Fairyington closes by reciting the horrors of the LGBT past – which, if we forget, she barely fails to say, we are doomed to repeat. I get that. I feel certain Ms. Blanchett gets that. She’s studied Highsmith, a fabulous writer and a woman whose life was littered with the wreckage of other women without her spark – women who died one way or another, burned at the ice cold altar of their own inability to grasp onto a life worth living in such restrictive, punitive times. But Carol isn’t directly, pointedly about all that. It does not have to be. And actors, God bless them, exist and perfect the shooting flames of their craft in spite of our perfectly hideous tendency to saddle them with our baggage – never because of it.

Carol is a movie that has moments of pure perfection. It isn’t yet widely released, and I am in Iowa, so yes – I am writing this before seeing the damned thing (I blame you, Ms. Fairyington). But there is a moment, a face I already know I will never forget. It is not Carol’s face. It is the face of Therese, played of course by Rooney Mara. She is lying with Carol. Her hands reach for Carol’s face, and as Carol rises to come into her arms, Therese’s face is… it is … everything. There is an exquisite sorrow, a delicate sense of loss amidst a perfect joy that I cannot adequately convey here. It all plays across her face. It is one of the loveliest single moments I have ever seen on film. And it is not hinged to anything more specific than love, ardor, and human movement through passionate expression.

I would not – I simply could not – trade the essence of that moment for all the legislation I’ve ever helped pass, for all the coming outs, for all the editorials and speeches. Fortunately I do not have to – our world is multi-level, and despite the efforts of some to hammer and flatten all planes into one, it can’t be done. This film has the right to exist on a different plane than that of our sorry history of tolerance.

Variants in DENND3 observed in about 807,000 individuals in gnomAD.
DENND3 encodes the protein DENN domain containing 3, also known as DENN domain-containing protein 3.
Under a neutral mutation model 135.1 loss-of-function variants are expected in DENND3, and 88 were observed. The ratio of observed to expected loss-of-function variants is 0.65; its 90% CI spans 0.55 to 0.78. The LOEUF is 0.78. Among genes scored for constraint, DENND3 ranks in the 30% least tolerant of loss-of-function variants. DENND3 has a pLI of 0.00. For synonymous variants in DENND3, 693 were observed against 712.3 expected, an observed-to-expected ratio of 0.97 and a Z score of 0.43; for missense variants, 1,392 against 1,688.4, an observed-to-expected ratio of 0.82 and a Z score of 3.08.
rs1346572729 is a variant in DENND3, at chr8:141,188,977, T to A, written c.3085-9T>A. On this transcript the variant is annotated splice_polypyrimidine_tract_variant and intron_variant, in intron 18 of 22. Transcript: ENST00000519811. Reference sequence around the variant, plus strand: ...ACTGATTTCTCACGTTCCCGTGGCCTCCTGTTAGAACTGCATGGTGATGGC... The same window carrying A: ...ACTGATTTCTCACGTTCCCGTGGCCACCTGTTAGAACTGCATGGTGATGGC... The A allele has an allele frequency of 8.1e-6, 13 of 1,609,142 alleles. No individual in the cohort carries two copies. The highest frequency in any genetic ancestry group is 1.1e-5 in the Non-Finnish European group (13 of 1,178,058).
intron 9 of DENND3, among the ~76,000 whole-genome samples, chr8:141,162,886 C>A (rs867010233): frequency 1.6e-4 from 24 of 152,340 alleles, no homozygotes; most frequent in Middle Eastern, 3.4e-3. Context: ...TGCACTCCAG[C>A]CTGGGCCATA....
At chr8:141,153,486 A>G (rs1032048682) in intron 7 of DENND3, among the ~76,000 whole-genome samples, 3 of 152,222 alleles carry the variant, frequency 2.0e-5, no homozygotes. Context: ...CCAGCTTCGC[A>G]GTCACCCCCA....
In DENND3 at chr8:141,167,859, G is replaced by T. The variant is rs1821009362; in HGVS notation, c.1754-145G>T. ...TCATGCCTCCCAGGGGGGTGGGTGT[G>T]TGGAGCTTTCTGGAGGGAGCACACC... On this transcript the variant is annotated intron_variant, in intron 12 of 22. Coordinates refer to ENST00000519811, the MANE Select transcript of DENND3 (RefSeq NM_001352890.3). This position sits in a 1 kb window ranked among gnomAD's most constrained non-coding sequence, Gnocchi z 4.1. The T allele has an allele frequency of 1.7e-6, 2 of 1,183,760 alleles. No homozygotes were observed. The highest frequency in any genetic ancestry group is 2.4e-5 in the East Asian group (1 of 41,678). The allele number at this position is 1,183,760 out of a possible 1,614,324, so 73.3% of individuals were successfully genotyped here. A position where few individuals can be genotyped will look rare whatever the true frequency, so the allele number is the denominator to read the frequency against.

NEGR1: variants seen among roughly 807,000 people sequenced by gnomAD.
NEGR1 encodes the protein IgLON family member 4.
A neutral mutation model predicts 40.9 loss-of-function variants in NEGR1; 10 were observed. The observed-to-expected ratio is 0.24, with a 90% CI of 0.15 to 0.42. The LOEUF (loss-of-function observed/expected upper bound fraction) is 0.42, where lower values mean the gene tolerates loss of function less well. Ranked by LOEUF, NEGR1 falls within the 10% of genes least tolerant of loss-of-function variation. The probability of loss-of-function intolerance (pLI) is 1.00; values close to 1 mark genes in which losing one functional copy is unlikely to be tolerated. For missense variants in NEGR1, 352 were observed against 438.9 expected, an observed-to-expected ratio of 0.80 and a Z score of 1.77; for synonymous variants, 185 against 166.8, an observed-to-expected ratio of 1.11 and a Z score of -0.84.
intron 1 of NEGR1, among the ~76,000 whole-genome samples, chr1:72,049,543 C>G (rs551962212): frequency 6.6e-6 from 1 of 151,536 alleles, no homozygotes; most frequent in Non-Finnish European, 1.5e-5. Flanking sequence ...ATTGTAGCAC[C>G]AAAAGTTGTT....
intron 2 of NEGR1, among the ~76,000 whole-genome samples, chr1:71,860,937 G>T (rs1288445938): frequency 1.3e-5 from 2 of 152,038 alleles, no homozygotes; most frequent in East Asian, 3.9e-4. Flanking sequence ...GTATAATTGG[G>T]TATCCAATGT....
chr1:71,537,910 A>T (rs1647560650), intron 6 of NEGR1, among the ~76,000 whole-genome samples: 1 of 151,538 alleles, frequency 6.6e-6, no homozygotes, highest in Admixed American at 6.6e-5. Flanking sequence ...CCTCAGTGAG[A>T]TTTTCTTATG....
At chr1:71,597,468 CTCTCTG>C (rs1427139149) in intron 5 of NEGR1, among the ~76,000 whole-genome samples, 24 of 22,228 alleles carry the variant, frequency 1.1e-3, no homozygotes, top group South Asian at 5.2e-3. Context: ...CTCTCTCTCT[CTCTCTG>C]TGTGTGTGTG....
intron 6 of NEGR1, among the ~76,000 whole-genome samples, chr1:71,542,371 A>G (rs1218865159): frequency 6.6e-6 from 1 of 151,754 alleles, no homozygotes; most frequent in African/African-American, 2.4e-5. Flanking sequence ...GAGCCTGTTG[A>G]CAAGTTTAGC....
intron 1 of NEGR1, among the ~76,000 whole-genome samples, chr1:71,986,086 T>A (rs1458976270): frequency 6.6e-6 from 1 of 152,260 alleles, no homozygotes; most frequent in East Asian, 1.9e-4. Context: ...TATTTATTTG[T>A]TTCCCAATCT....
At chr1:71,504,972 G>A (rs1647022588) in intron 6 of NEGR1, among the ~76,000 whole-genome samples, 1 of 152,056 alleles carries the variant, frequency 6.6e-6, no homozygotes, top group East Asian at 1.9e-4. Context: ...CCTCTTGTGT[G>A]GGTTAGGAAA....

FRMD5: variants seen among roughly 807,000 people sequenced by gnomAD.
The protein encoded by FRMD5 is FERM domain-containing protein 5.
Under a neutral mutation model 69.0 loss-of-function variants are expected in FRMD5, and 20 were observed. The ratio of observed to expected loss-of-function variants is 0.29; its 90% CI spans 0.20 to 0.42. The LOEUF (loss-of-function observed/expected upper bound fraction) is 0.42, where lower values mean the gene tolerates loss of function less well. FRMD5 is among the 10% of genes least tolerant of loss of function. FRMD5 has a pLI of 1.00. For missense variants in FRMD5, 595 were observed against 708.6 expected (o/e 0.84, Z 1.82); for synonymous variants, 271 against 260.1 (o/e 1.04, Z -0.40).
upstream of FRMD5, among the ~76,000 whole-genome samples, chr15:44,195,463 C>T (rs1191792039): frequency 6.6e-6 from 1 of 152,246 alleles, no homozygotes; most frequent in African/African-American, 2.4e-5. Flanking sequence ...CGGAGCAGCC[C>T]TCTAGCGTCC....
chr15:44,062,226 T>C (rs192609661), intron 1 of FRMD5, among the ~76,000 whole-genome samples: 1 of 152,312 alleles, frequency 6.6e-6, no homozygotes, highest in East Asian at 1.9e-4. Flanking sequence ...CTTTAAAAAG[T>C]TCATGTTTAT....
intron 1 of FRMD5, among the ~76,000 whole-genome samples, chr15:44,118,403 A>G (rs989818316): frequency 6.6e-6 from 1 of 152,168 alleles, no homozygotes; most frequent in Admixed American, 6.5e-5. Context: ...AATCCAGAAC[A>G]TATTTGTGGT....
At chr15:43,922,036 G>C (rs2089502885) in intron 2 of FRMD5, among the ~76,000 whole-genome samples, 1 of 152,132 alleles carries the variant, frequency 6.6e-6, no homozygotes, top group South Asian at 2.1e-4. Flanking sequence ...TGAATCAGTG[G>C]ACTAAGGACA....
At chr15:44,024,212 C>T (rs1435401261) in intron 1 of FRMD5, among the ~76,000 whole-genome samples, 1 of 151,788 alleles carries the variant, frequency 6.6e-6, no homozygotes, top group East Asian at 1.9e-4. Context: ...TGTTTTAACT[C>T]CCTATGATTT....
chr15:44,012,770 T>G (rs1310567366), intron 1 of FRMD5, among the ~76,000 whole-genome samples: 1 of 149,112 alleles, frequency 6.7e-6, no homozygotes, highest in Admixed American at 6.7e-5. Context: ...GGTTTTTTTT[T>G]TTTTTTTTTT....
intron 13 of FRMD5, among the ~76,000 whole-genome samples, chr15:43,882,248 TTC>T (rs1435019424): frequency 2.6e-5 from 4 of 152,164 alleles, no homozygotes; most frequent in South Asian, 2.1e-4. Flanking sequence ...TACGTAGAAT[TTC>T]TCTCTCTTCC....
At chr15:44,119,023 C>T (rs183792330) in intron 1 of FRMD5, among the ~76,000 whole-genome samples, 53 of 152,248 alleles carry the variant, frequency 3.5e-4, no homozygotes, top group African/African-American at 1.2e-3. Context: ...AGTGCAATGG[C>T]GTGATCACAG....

Film is a human art. Humans are messy, and at the bottom of all else even arguably pathetic. We obsessively name ourselves – we can’t help it. We have to try to know and announce who we are in the vast ocean of space and time, or life seems too immense, and our terror grows too great. So we say we are this, or we are that. And we cling to it. We defend it, and promulgate it. We write books. We appear on television. Some cite religious texts; others look to archeology and history. The debate, the clamor, it never stops. It never resolves. It is our hamster wheel of conviction, the wheel we obstinately tread while whistling past the graveyard.

It’s all perfectly understandable. Like us, it’s human. Like us, it’s elementally flawed and arrogant as hell. I’ve also learned, over years, that it is worthless. All of it. For when the moment comes, and the gods of love decide you are up next, your self-identification means nothing. You are nothing. You are caught up, in love, driven by forces so deep and ancient, so mysterious and stunning, you are lucky if you can remain standing upright. You blink at yourself in the mirror. You feel struck by a great force. Yet you somehow go on. You walk back into your life, or whatever is left of it.

Oh, Stephanie Fairyington, we are masters of nothing! Our only choice lies in how we rise to meet our fate, our love. Carol is about that. We should have the good sense to accept it as a very great gift instead of twisting it into a polemic.